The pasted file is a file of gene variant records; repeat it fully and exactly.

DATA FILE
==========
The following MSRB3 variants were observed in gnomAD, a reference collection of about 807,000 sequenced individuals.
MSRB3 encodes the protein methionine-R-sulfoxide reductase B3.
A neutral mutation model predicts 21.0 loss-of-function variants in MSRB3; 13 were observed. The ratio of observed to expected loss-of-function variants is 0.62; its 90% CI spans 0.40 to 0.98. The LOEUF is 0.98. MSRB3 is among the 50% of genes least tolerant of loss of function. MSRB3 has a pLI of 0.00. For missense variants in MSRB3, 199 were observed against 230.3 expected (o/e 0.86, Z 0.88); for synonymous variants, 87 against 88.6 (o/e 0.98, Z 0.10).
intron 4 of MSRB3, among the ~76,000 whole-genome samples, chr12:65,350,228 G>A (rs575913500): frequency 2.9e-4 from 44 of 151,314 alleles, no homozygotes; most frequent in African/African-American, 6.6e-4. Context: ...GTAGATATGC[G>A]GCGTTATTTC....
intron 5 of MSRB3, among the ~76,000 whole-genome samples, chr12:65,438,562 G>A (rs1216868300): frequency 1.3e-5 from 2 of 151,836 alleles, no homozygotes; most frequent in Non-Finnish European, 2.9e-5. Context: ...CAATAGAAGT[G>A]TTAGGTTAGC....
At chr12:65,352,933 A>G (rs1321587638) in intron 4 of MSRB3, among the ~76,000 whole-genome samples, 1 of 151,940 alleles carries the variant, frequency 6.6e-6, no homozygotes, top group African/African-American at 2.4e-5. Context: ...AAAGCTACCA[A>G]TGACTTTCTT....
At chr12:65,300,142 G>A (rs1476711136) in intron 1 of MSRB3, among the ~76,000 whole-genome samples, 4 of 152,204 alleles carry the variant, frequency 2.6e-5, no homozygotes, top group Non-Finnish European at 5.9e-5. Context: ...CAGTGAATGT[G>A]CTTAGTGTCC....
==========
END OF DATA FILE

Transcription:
The following MSRB3 variants were observed in gnomAD, a reference collection of about 807,000 sequenced individuals.
MSRB3 encodes the protein methionine-R-sulfoxide reductase B3.
A neutral mutation model predicts 21.0 loss-of-function variants in MSRB3; 13 were observed. The ratio of observed to expected loss-of-function variants is 0.62; its 90% CI spans 0.40 to 0.98. The LOEUF is 0.98. MSRB3 is among the 50% of genes least tolerant of loss of function. MSRB3 has a pLI of 0.00. For missense variants in MSRB3, 199 were observed against 230.3 expected (o/e 0.86, Z 0.88); for synonymous variants, 87 against 88.6 (o/e 0.98, Z 0.10).
intron 4 of MSRB3, among the ~76,000 whole-genome samples, chr12:65,350,228 G>A (rs575913500): frequency 2.9e-4 from 44 of 151,314 alleles, no homozygotes; most frequent in African/African-American, 6.6e-4. Context: ...GTAGATATGC[G>A]GCGTTATTTC....
intron 5 of MSRB3, among the ~76,000 whole-genome samples, chr12:65,438,562 G>A (rs1216868300): frequency 1.3e-5 from 2 of 151,836 alleles, no homozygotes; most frequent in Non-Finnish European, 2.9e-5. Context: ...CAATAGAAGT[G>A]TTAGGTTAGC....
At chr12:65,352,933 A>G (rs1321587638) in intron 4 of MSRB3, among the ~76,000 whole-genome samples, 1 of 151,940 alleles carries the variant, frequency 6.6e-6, no homozygotes, top group African/African-American at 2.4e-5. Context: ...AAAGCTACCA[A>G]TGACTTTCTT....
At chr12:65,300,142 G>A (rs1476711136) in intron 1 of MSRB3, among the ~76,000 whole-genome samples, 4 of 152,204 alleles carry the variant, frequency 2.6e-5, no homozygotes, top group Non-Finnish European at 5.9e-5. Context: ...CAGTGAATGT[G>A]CTTAGTGTCC....